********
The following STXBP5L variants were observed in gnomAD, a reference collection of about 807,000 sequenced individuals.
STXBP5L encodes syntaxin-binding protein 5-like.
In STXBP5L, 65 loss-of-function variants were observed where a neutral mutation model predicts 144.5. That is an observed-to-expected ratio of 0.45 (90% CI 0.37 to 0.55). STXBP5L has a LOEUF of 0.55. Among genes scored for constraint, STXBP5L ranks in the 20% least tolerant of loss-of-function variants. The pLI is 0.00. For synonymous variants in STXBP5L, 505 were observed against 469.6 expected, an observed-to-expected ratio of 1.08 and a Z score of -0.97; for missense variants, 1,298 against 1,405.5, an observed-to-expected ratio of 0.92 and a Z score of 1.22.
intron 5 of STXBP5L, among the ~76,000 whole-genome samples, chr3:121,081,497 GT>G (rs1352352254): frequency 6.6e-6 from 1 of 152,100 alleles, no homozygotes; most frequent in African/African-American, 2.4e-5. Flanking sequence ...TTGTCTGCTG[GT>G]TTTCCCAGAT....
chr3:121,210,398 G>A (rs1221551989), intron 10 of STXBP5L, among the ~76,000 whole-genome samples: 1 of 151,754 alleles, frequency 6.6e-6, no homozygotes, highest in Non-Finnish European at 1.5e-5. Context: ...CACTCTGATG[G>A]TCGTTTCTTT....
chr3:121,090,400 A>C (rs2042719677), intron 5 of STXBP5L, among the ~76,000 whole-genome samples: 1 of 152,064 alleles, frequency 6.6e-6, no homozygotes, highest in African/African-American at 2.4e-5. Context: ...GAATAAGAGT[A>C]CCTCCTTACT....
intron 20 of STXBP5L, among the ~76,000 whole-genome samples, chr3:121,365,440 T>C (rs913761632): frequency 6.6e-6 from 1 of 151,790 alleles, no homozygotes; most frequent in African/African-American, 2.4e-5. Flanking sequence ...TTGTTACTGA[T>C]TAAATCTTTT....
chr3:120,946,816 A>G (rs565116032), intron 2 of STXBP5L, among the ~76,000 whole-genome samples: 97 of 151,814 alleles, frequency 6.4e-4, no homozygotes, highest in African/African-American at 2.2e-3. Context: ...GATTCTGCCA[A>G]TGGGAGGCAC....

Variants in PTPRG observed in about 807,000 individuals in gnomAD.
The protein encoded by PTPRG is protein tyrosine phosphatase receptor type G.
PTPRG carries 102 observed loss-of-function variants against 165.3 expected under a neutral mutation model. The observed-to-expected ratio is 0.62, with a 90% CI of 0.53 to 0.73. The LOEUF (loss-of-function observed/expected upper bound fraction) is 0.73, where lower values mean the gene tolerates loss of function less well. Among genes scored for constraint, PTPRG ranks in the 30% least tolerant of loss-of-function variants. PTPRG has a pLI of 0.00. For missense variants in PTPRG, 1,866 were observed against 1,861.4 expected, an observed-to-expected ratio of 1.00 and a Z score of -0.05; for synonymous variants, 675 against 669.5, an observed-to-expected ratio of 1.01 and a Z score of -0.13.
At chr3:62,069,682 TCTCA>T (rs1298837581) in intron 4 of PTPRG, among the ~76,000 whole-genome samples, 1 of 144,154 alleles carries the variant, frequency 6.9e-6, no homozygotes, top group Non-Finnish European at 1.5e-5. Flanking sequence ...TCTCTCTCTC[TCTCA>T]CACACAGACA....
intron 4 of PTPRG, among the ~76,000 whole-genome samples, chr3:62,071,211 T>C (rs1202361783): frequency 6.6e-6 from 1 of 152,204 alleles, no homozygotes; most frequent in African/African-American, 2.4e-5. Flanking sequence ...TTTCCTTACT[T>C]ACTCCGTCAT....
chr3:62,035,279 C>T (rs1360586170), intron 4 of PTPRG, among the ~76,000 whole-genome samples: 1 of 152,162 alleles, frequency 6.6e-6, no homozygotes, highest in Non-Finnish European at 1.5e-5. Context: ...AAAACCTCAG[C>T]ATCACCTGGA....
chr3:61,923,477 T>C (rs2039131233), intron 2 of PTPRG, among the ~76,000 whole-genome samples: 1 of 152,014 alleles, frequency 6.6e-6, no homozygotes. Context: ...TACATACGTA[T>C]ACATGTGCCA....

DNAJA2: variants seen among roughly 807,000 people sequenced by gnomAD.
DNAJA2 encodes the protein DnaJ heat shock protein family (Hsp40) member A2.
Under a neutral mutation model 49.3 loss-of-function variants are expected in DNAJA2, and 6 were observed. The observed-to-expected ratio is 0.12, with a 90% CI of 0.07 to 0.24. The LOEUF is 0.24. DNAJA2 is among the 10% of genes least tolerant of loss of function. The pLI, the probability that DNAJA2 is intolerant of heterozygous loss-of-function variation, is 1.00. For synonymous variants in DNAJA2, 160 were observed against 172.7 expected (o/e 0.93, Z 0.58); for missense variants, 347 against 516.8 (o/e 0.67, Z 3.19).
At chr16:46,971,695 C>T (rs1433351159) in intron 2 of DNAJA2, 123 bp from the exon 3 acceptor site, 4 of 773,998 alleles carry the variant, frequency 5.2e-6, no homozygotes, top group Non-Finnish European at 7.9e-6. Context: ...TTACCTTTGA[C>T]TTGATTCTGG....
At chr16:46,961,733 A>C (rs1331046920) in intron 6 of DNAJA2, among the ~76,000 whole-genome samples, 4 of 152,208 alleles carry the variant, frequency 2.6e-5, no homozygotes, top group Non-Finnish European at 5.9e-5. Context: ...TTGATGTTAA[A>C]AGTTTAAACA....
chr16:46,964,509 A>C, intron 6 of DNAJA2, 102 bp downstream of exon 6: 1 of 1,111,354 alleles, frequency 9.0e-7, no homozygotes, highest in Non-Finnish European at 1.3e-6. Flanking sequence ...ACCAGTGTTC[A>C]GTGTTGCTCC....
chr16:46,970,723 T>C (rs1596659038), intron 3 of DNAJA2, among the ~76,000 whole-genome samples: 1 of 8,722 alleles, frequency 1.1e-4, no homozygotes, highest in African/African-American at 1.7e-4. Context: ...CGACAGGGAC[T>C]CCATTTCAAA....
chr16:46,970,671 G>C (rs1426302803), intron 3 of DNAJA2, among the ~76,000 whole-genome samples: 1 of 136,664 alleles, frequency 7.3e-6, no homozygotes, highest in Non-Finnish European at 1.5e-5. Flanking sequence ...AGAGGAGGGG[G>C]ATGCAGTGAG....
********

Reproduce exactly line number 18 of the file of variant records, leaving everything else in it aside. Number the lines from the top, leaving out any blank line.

Under a neutral mutation model 49.3 loss-of-function variants are expected in DNAJA2, and 6 were observed. The observed-to-expected ratio is 0.12, with a 90% CI of 0.07 to 0.24. The LOEUF is 0.24. DNAJA2 is among the 10% of genes least tolerant of loss of function. The pLI, the probability that DNAJA2 is intolerant of heterozygous loss-of-function variation, is 1.00. For synonymous variants in DNAJA2, 160 were observed against 172.7 expected (o/e 0.93, Z 0.58); for missense variants, 347 against 516.8 (o/e 0.67, Z 3.19).